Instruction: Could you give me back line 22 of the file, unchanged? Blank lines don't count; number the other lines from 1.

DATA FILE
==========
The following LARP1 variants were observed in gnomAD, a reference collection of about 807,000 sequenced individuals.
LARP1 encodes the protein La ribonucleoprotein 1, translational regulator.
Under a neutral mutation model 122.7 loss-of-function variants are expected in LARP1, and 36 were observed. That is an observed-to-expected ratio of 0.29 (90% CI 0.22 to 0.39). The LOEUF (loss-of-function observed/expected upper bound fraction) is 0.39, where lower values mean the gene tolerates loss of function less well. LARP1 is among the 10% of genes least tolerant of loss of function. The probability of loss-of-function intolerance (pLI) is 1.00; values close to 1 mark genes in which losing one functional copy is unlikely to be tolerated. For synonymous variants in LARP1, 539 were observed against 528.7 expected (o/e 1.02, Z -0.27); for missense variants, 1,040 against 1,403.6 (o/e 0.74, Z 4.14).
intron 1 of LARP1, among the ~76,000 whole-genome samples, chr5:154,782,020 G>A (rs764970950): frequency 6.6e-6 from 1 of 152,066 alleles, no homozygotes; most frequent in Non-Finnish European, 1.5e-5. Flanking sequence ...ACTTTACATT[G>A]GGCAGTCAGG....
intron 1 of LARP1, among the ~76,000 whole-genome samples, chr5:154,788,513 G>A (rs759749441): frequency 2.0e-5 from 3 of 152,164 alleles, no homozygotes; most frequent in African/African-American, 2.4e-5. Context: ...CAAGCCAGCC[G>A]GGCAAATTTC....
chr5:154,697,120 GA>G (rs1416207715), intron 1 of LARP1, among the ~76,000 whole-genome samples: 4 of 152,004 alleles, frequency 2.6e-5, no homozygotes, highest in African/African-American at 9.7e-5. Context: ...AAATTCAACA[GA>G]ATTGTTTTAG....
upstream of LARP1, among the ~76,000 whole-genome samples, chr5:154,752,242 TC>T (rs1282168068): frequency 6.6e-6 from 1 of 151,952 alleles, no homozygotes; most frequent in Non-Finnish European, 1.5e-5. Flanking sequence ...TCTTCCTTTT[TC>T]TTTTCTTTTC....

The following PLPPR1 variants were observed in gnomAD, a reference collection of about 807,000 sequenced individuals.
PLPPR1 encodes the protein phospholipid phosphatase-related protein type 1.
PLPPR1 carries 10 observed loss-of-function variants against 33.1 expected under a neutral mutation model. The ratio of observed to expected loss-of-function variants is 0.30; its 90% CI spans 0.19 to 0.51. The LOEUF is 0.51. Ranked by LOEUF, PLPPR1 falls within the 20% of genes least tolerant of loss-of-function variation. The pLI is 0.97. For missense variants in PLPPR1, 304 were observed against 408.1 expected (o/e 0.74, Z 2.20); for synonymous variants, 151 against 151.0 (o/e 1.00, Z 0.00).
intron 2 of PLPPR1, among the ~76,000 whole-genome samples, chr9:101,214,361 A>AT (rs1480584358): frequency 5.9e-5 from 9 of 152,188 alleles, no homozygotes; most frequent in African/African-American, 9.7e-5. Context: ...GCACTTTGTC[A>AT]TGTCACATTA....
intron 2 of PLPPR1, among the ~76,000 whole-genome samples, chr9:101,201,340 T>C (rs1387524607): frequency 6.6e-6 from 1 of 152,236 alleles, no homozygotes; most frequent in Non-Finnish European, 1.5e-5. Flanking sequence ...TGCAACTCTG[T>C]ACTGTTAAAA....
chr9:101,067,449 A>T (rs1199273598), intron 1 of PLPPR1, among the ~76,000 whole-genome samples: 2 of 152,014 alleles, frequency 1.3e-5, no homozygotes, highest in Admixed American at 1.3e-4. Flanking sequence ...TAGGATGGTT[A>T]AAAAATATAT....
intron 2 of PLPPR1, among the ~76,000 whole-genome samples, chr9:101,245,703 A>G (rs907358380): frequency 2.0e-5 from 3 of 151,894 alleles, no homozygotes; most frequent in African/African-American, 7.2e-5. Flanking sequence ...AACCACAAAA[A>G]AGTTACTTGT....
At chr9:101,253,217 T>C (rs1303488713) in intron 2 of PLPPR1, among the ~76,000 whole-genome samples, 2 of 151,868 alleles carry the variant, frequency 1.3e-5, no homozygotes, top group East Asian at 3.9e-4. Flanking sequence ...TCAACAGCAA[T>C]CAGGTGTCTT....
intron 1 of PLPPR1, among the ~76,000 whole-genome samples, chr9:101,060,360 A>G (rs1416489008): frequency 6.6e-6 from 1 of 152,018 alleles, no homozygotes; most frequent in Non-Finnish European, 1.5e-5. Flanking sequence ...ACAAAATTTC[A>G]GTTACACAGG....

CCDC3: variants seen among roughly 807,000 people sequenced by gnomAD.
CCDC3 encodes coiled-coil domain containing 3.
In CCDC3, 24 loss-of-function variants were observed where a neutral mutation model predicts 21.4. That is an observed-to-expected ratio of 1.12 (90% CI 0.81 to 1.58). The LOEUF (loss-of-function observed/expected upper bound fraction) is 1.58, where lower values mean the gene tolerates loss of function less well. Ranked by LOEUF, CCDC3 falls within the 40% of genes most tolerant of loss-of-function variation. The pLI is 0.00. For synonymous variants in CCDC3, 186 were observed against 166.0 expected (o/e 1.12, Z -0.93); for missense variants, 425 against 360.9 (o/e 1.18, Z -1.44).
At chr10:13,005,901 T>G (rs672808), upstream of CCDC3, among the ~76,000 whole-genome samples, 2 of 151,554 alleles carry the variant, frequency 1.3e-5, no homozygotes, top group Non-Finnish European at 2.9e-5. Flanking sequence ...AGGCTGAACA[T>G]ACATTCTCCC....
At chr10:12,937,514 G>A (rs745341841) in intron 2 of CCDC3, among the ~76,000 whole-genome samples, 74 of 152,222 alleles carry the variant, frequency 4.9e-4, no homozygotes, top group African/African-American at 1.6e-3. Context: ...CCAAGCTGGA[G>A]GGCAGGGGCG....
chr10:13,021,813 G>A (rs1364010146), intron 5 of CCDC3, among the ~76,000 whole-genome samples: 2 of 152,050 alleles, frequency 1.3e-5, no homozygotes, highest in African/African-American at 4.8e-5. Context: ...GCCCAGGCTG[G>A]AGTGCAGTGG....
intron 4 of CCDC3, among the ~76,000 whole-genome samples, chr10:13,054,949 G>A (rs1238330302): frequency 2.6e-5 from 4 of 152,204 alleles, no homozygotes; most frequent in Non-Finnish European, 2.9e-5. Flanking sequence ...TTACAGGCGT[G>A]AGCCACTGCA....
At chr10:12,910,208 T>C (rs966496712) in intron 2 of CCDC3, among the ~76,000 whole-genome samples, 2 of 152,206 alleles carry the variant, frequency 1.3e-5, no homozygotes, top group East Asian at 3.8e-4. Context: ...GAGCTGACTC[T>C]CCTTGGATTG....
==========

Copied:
chr10:13,021,813 G>A (rs1364010146), intron 5 of CCDC3, among the ~76,000 whole-genome samples: 2 of 152,050 alleles, frequency 1.3e-5, no homozygotes, highest in African/African-American at 4.8e-5. Context: ...GCCCAGGCTG[G>A]AGTGCAGTGG....